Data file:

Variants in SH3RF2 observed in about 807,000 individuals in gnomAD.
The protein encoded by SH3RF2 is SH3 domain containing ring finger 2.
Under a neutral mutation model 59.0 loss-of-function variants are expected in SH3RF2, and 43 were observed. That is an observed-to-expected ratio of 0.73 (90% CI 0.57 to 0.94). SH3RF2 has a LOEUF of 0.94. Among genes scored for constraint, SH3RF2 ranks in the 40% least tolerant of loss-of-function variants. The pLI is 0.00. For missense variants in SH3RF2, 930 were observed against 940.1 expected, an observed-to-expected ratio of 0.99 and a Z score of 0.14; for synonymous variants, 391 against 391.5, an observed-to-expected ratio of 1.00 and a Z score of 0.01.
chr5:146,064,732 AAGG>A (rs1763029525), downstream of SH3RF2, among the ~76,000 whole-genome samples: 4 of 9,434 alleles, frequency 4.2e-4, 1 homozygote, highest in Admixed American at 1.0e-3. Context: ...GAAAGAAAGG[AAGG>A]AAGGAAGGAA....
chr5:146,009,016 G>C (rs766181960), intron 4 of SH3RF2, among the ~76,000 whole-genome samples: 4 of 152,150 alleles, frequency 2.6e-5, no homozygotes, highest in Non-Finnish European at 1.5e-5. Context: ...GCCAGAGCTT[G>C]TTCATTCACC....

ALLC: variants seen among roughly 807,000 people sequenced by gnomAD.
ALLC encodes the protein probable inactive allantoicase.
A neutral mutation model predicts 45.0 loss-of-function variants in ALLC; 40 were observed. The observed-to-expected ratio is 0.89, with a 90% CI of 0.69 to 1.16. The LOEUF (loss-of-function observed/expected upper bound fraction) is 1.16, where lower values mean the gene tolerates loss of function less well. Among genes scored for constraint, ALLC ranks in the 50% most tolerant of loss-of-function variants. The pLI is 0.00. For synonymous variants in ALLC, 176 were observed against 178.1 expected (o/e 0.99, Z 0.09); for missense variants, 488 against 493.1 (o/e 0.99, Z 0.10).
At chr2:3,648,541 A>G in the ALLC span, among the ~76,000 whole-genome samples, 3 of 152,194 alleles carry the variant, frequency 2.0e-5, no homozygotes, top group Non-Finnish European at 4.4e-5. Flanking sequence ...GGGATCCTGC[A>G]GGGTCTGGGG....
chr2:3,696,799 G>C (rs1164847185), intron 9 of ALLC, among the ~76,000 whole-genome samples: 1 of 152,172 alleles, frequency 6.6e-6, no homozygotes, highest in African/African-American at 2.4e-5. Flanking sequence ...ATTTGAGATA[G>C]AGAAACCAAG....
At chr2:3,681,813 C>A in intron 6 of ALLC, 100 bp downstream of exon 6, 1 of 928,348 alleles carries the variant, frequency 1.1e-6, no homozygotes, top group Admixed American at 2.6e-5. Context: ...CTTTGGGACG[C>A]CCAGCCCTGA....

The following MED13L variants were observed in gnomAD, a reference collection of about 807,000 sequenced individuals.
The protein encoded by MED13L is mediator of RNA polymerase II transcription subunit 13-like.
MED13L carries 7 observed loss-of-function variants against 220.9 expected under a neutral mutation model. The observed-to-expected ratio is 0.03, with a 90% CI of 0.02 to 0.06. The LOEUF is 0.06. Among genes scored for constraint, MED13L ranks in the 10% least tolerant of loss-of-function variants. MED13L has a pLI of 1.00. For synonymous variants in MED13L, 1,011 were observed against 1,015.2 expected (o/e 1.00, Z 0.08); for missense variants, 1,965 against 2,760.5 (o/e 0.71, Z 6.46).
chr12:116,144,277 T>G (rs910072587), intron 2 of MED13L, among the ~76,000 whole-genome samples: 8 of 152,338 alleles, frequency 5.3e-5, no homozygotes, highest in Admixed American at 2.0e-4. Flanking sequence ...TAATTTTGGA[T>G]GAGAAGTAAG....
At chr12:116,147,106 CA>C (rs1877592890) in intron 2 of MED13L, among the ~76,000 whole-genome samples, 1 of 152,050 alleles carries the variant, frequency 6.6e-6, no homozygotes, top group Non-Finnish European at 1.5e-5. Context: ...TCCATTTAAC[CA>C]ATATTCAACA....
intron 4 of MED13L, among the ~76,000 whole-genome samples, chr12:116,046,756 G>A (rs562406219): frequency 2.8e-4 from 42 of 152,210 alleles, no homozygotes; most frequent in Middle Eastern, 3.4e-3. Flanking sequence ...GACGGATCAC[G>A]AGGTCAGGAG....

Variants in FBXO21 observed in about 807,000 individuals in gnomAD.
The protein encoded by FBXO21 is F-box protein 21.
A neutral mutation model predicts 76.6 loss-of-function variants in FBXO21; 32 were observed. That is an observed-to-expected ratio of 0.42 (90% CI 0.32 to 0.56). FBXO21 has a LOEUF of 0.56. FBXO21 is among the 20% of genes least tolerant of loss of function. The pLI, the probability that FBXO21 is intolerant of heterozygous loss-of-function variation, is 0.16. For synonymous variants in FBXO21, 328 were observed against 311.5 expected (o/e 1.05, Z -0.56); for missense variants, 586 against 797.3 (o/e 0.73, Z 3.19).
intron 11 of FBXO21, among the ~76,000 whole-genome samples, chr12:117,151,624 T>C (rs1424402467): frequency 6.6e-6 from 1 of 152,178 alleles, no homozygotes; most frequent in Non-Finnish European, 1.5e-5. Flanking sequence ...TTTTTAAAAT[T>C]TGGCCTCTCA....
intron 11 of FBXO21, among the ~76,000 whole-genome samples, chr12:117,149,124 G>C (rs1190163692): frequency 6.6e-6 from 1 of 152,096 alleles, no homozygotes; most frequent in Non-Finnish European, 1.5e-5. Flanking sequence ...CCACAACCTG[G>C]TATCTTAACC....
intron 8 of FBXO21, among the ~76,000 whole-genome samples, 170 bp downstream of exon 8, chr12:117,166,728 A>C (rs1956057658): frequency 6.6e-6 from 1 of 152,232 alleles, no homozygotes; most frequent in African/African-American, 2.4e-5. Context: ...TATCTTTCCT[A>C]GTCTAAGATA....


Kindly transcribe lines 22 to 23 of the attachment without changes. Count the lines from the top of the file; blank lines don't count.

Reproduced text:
intron 11 of FBXO21, among the ~76,000 whole-genome samples, chr12:117,149,124 G>C (rs1190163692): frequency 6.6e-6 from 1 of 152,096 alleles, no homozygotes; most frequent in Non-Finnish European, 1.5e-5. Flanking sequence ...CCACAACCTG[G>C]TATCTTAACC....
intron 8 of FBXO21, among the ~76,000 whole-genome samples, 170 bp downstream of exon 8, chr12:117,166,728 A>C (rs1956057658): frequency 6.6e-6 from 1 of 152,232 alleles, no homozygotes; most frequent in African/African-American, 2.4e-5. Context: ...TATCTTTCCT[A>C]GTCTAAGATA....